Tate: I like where this is headed

Tate: I like where this is headed

This already looks different.

In a whirlwind seven-month period, new Illini basketball coach Brad Underwood has landed the state's Mr. Basketball in Edwardsville's Mark Smith and 2018's projected top player in Morgan Park's Ayo Dosunmu.

Acquiring the state's blue-chippers back-to-back — it is, remember, a guard's game — is an extraordarily good sign. This happened just once previously since 2000 when Brandon Paul (2009) and Jereme Richmond (2010) signed on with Bruce Weber.

It is also different on the Illini practice court.

A major transformation is taking place, creating questions as to how quickly this revamped squad can meet Underwood's new demands.

That includes denying entry passes and pressuring (without allowing layups) on defense, and executing an up-tempo, backboard-attacking offense (without too many backfires).

"We have a lot to learn," acknowledges Underwood while, in busying himself with media obligations, he is strikingly more positive in his public statements than with his Ubben admonishments. Illini players will concede that they've never gone through practices as demanding as these.

Positionless basketball

The Illini play Indiana State today in a "secret" scrimmage. Underwood indicated this past week that Peoria freshman Da'Monte Williams, who missed last season due to knee surgery, has surprisingly earned a starting berth after impressing with his rebounding and defense.

Don't ask about positions. Underwood believes in positionless basketball, and favors quickness over size. You might see guards Williams, Smith, Te'Jon Lucas and Mark Alstork on the court at the same time. Or maybe Kipper Nichols, Trent Frazier or Aaron Jordan.

"We've successfully defended the post with 6-5 players in the past," said Underwood, referring to Oklahoma State last season and Stephen F. Austin previously.

At the same time, he brought power forwards Leron Black (6-7) and Michael Finke (6-11) to Thursday's Big Ten media event in New York City, a sure indication that those rangy juniors rank high in his estimation.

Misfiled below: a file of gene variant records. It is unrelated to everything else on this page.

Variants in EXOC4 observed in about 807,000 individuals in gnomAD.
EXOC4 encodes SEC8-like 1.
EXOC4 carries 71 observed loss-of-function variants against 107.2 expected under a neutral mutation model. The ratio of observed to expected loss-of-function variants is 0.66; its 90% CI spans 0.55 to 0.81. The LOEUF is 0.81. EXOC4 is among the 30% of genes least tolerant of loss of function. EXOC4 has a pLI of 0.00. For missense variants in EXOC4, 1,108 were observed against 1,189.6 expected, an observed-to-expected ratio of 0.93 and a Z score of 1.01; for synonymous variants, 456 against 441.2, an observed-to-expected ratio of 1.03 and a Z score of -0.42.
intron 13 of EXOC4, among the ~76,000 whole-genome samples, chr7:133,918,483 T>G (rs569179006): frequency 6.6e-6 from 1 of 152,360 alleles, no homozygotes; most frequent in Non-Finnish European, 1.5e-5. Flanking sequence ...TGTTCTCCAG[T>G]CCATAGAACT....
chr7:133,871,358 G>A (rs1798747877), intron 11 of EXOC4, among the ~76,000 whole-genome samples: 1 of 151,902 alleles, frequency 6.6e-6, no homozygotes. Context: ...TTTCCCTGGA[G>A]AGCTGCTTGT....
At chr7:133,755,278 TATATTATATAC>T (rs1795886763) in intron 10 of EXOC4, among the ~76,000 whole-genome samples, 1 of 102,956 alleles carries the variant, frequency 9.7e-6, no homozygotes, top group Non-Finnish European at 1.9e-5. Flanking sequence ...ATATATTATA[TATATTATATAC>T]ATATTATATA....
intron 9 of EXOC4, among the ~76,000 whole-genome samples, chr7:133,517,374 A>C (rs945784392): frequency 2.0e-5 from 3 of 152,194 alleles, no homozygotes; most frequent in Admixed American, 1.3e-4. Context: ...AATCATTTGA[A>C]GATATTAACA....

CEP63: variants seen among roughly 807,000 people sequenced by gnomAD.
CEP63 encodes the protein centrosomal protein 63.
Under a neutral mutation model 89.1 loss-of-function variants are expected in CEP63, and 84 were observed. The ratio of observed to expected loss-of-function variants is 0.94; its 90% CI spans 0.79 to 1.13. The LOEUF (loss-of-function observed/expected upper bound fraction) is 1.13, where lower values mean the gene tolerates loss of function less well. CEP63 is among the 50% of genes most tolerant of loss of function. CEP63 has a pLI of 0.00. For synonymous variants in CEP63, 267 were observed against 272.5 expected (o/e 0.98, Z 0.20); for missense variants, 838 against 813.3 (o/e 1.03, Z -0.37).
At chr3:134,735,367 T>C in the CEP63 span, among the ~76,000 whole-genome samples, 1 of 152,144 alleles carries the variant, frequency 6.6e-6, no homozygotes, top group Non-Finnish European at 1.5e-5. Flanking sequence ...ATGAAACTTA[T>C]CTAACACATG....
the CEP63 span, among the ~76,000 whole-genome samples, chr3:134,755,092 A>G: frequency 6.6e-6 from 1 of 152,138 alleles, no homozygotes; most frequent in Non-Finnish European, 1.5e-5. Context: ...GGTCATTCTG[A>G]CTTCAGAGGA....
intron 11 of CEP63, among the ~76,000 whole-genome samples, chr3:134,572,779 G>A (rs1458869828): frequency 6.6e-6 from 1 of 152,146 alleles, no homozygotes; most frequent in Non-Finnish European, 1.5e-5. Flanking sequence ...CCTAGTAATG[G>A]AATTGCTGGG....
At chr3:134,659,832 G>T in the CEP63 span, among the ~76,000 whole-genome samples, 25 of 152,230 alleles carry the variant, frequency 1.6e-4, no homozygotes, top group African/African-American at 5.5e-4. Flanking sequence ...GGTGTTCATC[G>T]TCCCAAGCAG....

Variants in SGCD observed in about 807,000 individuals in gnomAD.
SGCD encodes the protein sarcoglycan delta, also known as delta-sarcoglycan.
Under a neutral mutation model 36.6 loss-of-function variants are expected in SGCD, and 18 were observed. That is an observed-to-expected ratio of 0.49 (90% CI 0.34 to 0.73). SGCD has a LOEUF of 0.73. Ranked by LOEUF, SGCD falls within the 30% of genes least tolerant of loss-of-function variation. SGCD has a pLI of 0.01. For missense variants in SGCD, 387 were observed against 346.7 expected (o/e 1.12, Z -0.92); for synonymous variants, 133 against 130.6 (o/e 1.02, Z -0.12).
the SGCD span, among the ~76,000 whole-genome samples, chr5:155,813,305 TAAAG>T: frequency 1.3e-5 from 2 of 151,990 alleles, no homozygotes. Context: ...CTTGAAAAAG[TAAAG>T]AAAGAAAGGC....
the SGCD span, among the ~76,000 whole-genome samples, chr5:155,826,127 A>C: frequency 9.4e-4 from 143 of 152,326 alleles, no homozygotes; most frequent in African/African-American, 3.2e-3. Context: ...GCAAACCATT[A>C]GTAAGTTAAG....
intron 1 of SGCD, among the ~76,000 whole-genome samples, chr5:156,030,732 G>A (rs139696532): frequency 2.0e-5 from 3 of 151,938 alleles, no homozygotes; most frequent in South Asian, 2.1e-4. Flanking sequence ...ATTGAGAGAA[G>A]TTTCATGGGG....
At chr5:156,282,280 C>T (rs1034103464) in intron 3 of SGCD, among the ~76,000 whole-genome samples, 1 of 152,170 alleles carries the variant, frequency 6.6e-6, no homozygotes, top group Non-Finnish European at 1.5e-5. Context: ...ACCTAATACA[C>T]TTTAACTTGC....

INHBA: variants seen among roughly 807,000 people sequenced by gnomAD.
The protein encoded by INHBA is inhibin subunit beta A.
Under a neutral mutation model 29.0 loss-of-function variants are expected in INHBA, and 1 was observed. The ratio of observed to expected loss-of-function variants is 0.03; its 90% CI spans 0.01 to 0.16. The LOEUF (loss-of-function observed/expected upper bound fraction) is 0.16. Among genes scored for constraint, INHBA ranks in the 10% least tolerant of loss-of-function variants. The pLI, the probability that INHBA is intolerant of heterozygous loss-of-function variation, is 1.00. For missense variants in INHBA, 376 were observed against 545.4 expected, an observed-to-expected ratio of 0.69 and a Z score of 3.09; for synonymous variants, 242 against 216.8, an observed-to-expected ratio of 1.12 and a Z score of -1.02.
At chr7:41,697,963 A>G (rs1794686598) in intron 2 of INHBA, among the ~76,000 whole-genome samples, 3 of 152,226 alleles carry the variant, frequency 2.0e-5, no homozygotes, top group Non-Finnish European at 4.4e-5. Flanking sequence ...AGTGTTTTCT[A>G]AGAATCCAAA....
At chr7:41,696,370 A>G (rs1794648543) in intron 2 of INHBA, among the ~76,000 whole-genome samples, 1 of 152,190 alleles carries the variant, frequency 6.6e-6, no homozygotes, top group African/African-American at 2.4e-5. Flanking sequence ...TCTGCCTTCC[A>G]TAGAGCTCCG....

With this aggressive Underwood style, depth will be the big concern. No one is going to play 35 minutes, not with the level of defensive intensity he demands.

If the Illini play "without a center," it'll be a new experience for a program that temporarily banked on East St.Louis standout Jeremiah Tilmon, who committed but switched to Missouri in May. Since 2000, the Illini have featured a steady list of natural centers: Marcus Griffin, Robert Archibald, James Augustine, Shaun Pruitt, Mike Tisdale, Meyers Leonard, Nnanna Egwu and Maverick Morgan, not to mention backup transfers Dominique Keller, Nick Smith, Jack Ingram, Sam McLaurin and Mike Thorne.

Defensive intensity

In analyzing what to expect, a look back at 2016-17 is appropriate.

Oklahoma State featured a blinding playmaker in erstwhile UI prospect Juwan Evans, a 23-point scorer whose rejection of Illinois played a part in John Groce's ultimate ouster. Two exceptional three-point shooters, Jeffrey Carroll and Phil Forte, profited from Evans' penetrating skills last season.

The Cowboys came out fast against weak competition, going 10-2 with losses to North Carolina (107-75) and Maryland (71-70). A resounding 93-76 defeat of Wichita State was impressive, but the Cowboys lost their Big 12 opener to West Virginia, 92-75, and fell into a six-game skid. At that point, Oklahoma State had lost 24 of 28 conference games.

"Our defense was terrible," said Underwood. "We stayed up late and made some necessary changes."

Voila! The Cowboys began winning big, rattling off 10 of 11 that included two defeats of Oklahoma, an 80-68 rout of Weber's K-State quintet and an 82-75 conquest of high-ranked West Virginia. That got them into the NCAA tournament where Michigan drained a school record 16 treys in a 92-91 thriller, concluding a season in which the Cowboys ranked No. 1 in offensive efficiency and high in backboard tenacity ... but not so high defensively.